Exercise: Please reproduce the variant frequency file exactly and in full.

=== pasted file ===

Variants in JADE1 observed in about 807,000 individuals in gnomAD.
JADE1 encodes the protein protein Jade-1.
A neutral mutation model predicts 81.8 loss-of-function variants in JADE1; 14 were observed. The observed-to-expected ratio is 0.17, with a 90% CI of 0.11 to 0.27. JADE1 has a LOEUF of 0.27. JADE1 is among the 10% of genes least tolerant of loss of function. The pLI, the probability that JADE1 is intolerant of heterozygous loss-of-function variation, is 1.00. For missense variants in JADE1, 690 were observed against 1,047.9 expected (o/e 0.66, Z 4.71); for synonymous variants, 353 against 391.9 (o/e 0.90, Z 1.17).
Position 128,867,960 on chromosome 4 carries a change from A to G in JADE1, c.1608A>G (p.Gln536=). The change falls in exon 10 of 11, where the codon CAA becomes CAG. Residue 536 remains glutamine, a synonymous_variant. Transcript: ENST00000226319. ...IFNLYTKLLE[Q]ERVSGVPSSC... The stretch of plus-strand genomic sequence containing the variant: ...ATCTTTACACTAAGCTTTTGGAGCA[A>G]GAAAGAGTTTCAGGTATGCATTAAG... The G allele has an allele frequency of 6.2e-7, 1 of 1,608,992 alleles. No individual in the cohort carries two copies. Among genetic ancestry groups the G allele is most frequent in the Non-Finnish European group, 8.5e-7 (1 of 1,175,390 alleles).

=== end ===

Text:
Variants in JADE1 observed in about 807,000 individuals in gnomAD.
JADE1 encodes the protein protein Jade-1.
A neutral mutation model predicts 81.8 loss-of-function variants in JADE1; 14 were observed. The observed-to-expected ratio is 0.17, with a 90% CI of 0.11 to 0.27. JADE1 has a LOEUF of 0.27. JADE1 is among the 10% of genes least tolerant of loss of function. The pLI, the probability that JADE1 is intolerant of heterozygous loss-of-function variation, is 1.00. For missense variants in JADE1, 690 were observed against 1,047.9 expected (o/e 0.66, Z 4.71); for synonymous variants, 353 against 391.9 (o/e 0.90, Z 1.17).
Position 128,867,960 on chromosome 4 carries a change from A to G in JADE1, c.1608A>G (p.Gln536=). The change falls in exon 10 of 11, where the codon CAA becomes CAG. Residue 536 remains glutamine, a synonymous_variant. Transcript: ENST00000226319. ...IFNLYTKLLE[Q]ERVSGVPSSC... The stretch of plus-strand genomic sequence containing the variant: ...ATCTTTACACTAAGCTTTTGGAGCA[A>G]GAAAGAGTTTCAGGTATGCATTAAG... The G allele has an allele frequency of 6.2e-7, 1 of 1,608,992 alleles. No individual in the cohort carries two copies. Among genetic ancestry groups the G allele is most frequent in the Non-Finnish European group, 8.5e-7 (1 of 1,175,390 alleles).